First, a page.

The Mayor's Challenge
City County State
To Follow Online: PRESS HERE
A Message From Charlottesville Mayor David Norris:
"As the first official chief administrator of a census, our wise Mr. Jefferson once said to James Madison... "What is true of every member of the society individually, is true of them all collectively; since the rights of the whole can be no more than the sum of the rights of the individuals."
It is a simple but poignant statement that leads this year’s initiative – WE ALL COUNT. I count, you count, and all our neighbors of this growingly diverse community count and need to be counted.
The snapshot of this Census will live on way beyond April 1st and guide decisions for the next ten years. The results of this count will determine funding for vital services as well as redistricting for communities across the state and the country. The facts gathered in this census also help shape decisions for the rest of the decade about public health, neighborhood improvements, affordable housing, transportation, education, senior services and much more.
So it is up to all of us to be the messengers to the entire community that the Census is coming and it is important. It is a quick, secure, and confidential way to ensure a more vibrant community where we all truly count."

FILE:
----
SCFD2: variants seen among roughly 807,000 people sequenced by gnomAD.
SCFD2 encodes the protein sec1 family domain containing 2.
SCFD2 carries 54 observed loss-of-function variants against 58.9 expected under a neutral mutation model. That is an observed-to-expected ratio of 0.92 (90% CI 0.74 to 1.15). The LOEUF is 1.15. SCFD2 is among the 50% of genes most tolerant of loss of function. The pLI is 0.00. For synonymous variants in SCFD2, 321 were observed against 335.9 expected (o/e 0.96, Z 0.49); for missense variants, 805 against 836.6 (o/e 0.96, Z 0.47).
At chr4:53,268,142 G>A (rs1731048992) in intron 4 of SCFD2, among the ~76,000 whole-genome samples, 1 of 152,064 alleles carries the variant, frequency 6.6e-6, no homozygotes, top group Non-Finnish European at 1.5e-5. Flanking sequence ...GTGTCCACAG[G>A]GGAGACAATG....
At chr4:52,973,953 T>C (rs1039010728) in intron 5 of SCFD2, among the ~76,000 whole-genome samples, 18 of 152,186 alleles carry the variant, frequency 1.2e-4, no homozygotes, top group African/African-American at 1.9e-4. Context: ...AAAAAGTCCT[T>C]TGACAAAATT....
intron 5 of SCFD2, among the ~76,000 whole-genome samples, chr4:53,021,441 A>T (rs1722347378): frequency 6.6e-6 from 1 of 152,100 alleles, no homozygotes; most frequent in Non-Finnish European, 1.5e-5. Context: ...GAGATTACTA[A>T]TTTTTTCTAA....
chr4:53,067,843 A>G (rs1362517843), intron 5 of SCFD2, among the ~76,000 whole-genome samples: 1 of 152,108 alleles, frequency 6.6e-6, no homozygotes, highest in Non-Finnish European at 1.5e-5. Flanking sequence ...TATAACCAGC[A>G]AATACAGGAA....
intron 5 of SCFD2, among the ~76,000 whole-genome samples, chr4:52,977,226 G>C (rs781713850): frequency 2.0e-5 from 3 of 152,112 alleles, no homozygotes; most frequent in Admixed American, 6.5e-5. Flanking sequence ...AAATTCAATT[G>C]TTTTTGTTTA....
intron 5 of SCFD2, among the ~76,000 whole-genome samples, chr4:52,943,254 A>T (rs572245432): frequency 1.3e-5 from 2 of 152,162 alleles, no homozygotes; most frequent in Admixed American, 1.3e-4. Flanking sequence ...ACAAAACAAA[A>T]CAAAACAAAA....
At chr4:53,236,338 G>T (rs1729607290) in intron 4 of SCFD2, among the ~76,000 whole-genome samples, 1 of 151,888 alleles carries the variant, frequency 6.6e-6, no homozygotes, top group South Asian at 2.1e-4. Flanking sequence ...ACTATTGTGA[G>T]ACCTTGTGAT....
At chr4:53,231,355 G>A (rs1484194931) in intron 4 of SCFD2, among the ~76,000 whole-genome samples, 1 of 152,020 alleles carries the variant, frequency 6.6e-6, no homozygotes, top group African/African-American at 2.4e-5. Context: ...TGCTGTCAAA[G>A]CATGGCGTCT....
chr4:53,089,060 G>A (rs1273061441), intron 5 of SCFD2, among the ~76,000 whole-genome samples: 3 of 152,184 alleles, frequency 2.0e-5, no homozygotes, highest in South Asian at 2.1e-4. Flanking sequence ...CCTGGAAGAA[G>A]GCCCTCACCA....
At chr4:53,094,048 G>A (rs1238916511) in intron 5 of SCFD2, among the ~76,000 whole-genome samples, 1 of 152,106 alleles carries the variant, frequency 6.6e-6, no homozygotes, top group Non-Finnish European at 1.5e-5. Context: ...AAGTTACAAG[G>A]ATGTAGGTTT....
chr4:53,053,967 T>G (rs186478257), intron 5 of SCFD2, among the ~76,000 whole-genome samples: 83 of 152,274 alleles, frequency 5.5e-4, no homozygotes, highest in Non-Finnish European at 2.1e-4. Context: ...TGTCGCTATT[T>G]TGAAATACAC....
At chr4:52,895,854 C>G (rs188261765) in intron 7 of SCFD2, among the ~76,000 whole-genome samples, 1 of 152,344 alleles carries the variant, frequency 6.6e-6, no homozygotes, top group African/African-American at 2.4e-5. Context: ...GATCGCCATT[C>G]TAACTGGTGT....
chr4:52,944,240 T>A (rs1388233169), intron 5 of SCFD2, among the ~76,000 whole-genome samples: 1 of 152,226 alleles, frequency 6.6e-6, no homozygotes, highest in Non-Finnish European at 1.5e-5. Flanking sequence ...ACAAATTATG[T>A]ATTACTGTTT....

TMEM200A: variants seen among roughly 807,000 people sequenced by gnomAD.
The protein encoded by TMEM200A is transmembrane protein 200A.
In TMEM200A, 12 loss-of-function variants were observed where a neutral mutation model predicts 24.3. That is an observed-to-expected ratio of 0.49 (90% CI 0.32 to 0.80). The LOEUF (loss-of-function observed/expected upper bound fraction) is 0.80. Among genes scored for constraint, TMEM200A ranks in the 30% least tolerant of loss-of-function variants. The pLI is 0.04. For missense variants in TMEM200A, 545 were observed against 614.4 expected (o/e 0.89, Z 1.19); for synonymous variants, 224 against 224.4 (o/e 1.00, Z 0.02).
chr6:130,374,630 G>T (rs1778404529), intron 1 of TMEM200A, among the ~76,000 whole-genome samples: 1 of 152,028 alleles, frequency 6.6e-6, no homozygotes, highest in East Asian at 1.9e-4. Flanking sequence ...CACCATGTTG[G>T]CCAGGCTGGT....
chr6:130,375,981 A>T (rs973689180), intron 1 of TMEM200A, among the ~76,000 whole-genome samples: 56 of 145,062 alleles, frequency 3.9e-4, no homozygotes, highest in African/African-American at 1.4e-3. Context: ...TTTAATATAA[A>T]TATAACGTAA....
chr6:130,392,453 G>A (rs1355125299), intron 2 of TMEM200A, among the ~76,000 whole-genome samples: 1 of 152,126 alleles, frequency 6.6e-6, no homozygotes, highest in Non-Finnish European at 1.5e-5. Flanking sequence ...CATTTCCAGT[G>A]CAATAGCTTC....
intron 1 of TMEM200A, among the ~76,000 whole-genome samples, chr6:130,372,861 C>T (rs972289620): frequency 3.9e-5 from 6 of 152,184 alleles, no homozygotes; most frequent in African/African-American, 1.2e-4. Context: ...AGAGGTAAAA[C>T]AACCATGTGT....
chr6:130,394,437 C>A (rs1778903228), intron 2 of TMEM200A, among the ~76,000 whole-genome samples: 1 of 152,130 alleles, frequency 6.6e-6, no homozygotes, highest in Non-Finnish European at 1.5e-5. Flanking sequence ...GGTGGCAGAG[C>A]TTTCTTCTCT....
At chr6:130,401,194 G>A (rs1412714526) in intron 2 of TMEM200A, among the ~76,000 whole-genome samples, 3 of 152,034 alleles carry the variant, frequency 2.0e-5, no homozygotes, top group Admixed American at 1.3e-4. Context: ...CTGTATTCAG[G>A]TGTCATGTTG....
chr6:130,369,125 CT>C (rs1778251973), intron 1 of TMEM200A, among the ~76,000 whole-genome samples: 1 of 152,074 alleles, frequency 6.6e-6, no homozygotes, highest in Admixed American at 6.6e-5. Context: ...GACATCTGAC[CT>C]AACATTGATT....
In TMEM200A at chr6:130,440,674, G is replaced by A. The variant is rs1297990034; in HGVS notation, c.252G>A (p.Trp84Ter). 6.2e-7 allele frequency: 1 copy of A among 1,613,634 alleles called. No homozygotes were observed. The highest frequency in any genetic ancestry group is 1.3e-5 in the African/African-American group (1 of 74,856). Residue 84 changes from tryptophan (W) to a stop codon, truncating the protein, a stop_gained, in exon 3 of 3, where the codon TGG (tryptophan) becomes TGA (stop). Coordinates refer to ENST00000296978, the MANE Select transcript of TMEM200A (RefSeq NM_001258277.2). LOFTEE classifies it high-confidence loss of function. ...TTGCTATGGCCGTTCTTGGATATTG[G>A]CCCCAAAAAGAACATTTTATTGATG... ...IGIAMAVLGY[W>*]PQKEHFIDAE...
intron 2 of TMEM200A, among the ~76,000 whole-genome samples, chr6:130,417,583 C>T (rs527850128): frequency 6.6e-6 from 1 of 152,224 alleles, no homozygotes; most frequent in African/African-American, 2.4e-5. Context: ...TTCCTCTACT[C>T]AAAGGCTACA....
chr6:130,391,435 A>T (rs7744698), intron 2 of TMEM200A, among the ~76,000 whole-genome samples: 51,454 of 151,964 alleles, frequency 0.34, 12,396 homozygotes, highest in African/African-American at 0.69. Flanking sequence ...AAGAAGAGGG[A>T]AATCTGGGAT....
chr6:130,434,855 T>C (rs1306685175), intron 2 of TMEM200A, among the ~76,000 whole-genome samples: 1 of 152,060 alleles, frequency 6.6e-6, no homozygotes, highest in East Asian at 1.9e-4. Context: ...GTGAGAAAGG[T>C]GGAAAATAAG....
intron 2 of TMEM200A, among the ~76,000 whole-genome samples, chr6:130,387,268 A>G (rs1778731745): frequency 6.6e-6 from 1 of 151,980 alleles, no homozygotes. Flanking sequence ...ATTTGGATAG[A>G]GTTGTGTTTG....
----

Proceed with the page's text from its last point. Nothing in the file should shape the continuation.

WHAT IS THE U.S. CENSUS?
The United States Constitution mandates a census every ten years to determine how many seats each state will have in the U.S. House of Representatives. The U.S. Census Bureau, with oversight from Congress, is responsible for planning and conducting the census, and reporting the results.
WHO GETS COUNTED?
Every person residing in the United States on Census Day, April 1, should be counted. A person does not have to be a U.S. citizen to be counted.
WHERE ARE PEOPLE COUNTED?
People are counted in their place of usual residence, that is, where they spend most of their time during the year. The census counts:
- People staying at campgrounds, fairs and carnivals, marinas, emergency shelters, soup kitchens, and mobile food vans
- People living on military installations and on military ships
- Military personnel and federal civilian government employees, and their dependents, who are stationed overseas
- People living in special places or group quarters, including university and college dormitories and fraternity and sorority houses, nursing homes and other long-term care nursing facilities, correctional institutions, juvenile institutions, group homes and halfway houses, religious facilities, and agriculture or other worker facilities.
WHAT ARE THE QUESTIONS?
Every question on the census form is either required by law in order to manage or evaluate federal programs, or needed to meet federal case law requirements.
The 2010 census will consist of one census form, the short form, which asks six population questions and one housing question. The long form has been replaced by the American Community Survey, a continuous survey that reports data once a year.
FOR MORE INFORMATION PLEASE VISIT THE 2010 CENSUS WEBSITE... THANK YOU!